Culham Court, anciently in Wargrave but now in the parish of Remenham, stands near the hamlet of Aston. Like Wargrave, in medieval times the estate was held by the Bishops of Winchester and, no doubt, run on their behalf by an Episcopal steward. In 1552, it became part of the Neville estates and, later, those of the Lovelaces of Ladye Place in Hurley. In 1679, the extravagant 3rd Lord Lovelace was obliged to sell Culham in order to bankroll his party lifestyle. The new owner was Richard Stevens, a London lawyer. His son, Sergeant-at-Law Henry Stevens, had a house built on the site in 1706. His grand-nephew was the founder of Bradfield College.
In the late 1760s, the family sold Culham to another London lawyer, Richard Michell, whose personal fortune was based on his marriage to an Antiguan sugar heiress. Unfortunately, during repairs to the house a fire was started through the "carelessness of workmen". So Michell was forced to tare down the ruins and have Sir William Chambers erect for him a new building, the present house, between 1770 & 71, to designs by the Eton-based Stiff Leadbetter. It is a basemented two-storey red brick rectangular building with Portland stone dressings of five bays, the central three slightly projecting and pedimented. Inside there is a fine vaulted entrance hall with Ionic columned screen, a stone staircase with elegant ironwork railings and Neoclassical plastered reception rooms, one with a lady holding a scythe on the overmantel. The house appears to have been rented out to the newly married and extravagant Marquis of Blandford for a short time in the early 1790s. Eventually, however, Michell's daughter, Charlotte, and her husband, Hon. Frederick West, a son of Earl De La Warr, inherited the property and moved in. West was a groom of the Royal bedchamber who frequently ingratiated himself with the Queen in an attempt to gain himself a peerage. She visited him at Culham in the Autumn of 1804, for a night and a day, along with King George III and the young princesses. Of this visit, George Leslie noted,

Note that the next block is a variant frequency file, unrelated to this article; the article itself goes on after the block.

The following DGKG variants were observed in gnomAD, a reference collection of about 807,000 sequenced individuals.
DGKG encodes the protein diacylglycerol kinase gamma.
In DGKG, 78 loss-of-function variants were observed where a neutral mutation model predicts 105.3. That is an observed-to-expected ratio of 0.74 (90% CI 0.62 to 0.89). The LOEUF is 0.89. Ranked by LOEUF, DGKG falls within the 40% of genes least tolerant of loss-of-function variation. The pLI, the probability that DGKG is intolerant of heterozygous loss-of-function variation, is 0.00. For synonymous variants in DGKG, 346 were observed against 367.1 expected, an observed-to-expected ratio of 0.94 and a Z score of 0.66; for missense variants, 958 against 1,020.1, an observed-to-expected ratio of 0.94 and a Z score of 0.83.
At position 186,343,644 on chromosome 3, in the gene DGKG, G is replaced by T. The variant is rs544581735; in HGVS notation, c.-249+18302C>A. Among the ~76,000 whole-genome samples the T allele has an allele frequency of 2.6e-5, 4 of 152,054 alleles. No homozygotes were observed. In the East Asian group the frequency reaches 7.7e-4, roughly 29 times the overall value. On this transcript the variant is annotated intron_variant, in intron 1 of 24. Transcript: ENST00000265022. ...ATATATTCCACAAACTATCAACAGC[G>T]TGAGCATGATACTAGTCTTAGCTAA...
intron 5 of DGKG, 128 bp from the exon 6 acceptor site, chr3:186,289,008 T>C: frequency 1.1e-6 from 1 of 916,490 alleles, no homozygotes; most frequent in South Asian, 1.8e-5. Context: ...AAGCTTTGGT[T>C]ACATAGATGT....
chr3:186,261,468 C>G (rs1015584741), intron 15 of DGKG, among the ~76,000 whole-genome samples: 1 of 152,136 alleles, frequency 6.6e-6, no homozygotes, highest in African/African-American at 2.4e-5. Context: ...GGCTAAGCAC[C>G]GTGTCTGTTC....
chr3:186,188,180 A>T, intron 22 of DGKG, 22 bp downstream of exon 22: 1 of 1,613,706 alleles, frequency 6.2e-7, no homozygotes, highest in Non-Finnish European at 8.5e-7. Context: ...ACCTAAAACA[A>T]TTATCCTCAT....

"At breakfast, the host, knowing the partiality which His Majesty had for a particular breakfast roll, made only by Gunterís in Berkeley Square, had these fetched from that shop and brought down by relays of horsemen all the way from town in time for the Royal breakfast, the rolls being kept hot by being wrapped up in flannel. His Majesty only remarked on tasting them, "Ah! Gunter, Gunter. I am glad you deal with Gunter, West. Nobody like Gunter." When he entered the house, His Majesty wiped his shoes most carefully, and on Mr. Westís begging him not to take the trouble, he replied, "No, no, West, I am not going to carry dirt into any manís house".
Mrs. Lybbe-Powys mentions a second visit in 1811 when the Royal party were accompanied by 32 horses and many servants. The King was apparently in the habit of inspecting every room of the houses he visited and startled a maid arranging flowers at Culham, whereupon he mischievously remarked, "Donít be frightened. I wonít steal anything."
West's spinster daughter, Charlotte Louisa West, lived at Culham until her death in 1869. The house was then purchased by Capt. Wadham Neston Diggle, the son-in-law of John Noble of Park Place, who had made a fortune investing in the Wellington Colliery on Vancouver Island. It is not know how much time he spent there. The house has changed hands a number of times since. Owners have included the newspaper magnate, Cecil King, and banker's wife and socialite, Felicity Behrens.
Culham Court is a private residence. It can be seen from the Thames Path, which runs below it, and from the perpendicular public footpath across the deer park.
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